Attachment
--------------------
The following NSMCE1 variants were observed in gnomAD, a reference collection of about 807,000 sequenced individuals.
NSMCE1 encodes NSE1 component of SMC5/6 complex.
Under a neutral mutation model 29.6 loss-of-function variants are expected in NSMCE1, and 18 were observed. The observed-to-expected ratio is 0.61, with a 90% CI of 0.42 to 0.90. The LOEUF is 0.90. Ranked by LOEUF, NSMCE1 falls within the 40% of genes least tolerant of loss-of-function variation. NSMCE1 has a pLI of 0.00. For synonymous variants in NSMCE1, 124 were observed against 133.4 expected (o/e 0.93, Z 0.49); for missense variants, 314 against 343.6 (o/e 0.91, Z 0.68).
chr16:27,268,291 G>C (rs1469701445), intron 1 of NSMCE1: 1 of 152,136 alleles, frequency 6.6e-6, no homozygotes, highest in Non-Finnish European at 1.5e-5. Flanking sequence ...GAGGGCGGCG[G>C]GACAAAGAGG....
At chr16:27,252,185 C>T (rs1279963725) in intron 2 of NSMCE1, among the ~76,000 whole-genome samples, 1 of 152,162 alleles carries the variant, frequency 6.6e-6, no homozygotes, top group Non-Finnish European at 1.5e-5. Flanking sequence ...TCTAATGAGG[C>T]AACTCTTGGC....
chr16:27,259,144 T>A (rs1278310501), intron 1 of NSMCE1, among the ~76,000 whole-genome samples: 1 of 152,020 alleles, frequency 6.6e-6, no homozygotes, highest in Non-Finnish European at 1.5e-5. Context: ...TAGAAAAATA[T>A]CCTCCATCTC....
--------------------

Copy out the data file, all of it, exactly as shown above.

The following NSMCE1 variants were observed in gnomAD, a reference collection of about 807,000 sequenced individuals.
NSMCE1 encodes NSE1 component of SMC5/6 complex.
Under a neutral mutation model 29.6 loss-of-function variants are expected in NSMCE1, and 18 were observed. The observed-to-expected ratio is 0.61, with a 90% CI of 0.42 to 0.90. The LOEUF is 0.90. Ranked by LOEUF, NSMCE1 falls within the 40% of genes least tolerant of loss-of-function variation. NSMCE1 has a pLI of 0.00. For synonymous variants in NSMCE1, 124 were observed against 133.4 expected (o/e 0.93, Z 0.49); for missense variants, 314 against 343.6 (o/e 0.91, Z 0.68).
chr16:27,268,291 G>C (rs1469701445), intron 1 of NSMCE1: 1 of 152,136 alleles, frequency 6.6e-6, no homozygotes, highest in Non-Finnish European at 1.5e-5. Flanking sequence ...GAGGGCGGCG[G>C]GACAAAGAGG....
At chr16:27,252,185 C>T (rs1279963725) in intron 2 of NSMCE1, among the ~76,000 whole-genome samples, 1 of 152,162 alleles carries the variant, frequency 6.6e-6, no homozygotes, top group Non-Finnish European at 1.5e-5. Flanking sequence ...TCTAATGAGG[C>T]AACTCTTGGC....
chr16:27,259,144 T>A (rs1278310501), intron 1 of NSMCE1, among the ~76,000 whole-genome samples: 1 of 152,020 alleles, frequency 6.6e-6, no homozygotes, highest in Non-Finnish European at 1.5e-5. Context: ...TAGAAAAATA[T>A]CCTCCATCTC....